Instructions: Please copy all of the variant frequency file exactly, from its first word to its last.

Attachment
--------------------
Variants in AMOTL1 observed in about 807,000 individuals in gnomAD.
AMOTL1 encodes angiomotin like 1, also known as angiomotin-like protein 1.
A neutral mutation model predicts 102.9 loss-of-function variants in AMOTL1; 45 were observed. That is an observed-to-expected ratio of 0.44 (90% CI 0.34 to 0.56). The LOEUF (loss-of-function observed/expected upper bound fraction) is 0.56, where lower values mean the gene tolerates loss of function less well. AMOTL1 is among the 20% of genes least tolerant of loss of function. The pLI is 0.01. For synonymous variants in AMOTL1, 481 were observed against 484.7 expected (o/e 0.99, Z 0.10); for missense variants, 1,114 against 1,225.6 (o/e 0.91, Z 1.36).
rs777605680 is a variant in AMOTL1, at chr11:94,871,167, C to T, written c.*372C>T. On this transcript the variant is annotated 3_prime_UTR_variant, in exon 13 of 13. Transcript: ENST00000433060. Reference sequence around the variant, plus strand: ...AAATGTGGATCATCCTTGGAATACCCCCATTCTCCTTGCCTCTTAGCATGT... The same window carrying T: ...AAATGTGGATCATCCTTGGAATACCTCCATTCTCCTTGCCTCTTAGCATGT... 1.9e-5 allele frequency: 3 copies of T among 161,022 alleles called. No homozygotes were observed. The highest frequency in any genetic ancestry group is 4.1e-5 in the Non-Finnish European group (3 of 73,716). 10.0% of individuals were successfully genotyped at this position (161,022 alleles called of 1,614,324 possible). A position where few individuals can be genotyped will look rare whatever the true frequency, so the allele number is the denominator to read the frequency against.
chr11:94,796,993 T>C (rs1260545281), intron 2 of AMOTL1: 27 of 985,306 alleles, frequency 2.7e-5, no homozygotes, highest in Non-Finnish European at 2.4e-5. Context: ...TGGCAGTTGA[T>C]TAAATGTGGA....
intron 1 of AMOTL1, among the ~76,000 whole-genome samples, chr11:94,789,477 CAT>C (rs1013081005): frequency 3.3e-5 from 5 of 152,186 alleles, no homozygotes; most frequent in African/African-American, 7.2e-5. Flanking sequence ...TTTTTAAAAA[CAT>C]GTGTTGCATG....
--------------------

Variants in AMOTL1 observed in about 807,000 individuals in gnomAD.
AMOTL1 encodes angiomotin like 1, also known as angiomotin-like protein 1.
A neutral mutation model predicts 102.9 loss-of-function variants in AMOTL1; 45 were observed. That is an observed-to-expected ratio of 0.44 (90% CI 0.34 to 0.56). The LOEUF (loss-of-function observed/expected upper bound fraction) is 0.56, where lower values mean the gene tolerates loss of function less well. AMOTL1 is among the 20% of genes least tolerant of loss of function. The pLI is 0.01. For synonymous variants in AMOTL1, 481 were observed against 484.7 expected (o/e 0.99, Z 0.10); for missense variants, 1,114 against 1,225.6 (o/e 0.91, Z 1.36).
rs777605680 is a variant in AMOTL1, at chr11:94,871,167, C to T, written c.*372C>T. On this transcript the variant is annotated 3_prime_UTR_variant, in exon 13 of 13. Transcript: ENST00000433060. Reference sequence around the variant, plus strand: ...AAATGTGGATCATCCTTGGAATACCCCCATTCTCCTTGCCTCTTAGCATGT... The same window carrying T: ...AAATGTGGATCATCCTTGGAATACCTCCATTCTCCTTGCCTCTTAGCATGT... 1.9e-5 allele frequency: 3 copies of T among 161,022 alleles called. No homozygotes were observed. The highest frequency in any genetic ancestry group is 4.1e-5 in the Non-Finnish European group (3 of 73,716). 10.0% of individuals were successfully genotyped at this position (161,022 alleles called of 1,614,324 possible). A position where few individuals can be genotyped will look rare whatever the true frequency, so the allele number is the denominator to read the frequency against.
chr11:94,796,993 T>C (rs1260545281), intron 2 of AMOTL1: 27 of 985,306 alleles, frequency 2.7e-5, no homozygotes, highest in Non-Finnish European at 2.4e-5. Context: ...TGGCAGTTGA[T>C]TAAATGTGGA....
intron 1 of AMOTL1, among the ~76,000 whole-genome samples, chr11:94,789,477 CAT>C (rs1013081005): frequency 3.3e-5 from 5 of 152,186 alleles, no homozygotes; most frequent in African/African-American, 7.2e-5. Flanking sequence ...TTTTTAAAAA[CAT>C]GTGTTGCATG....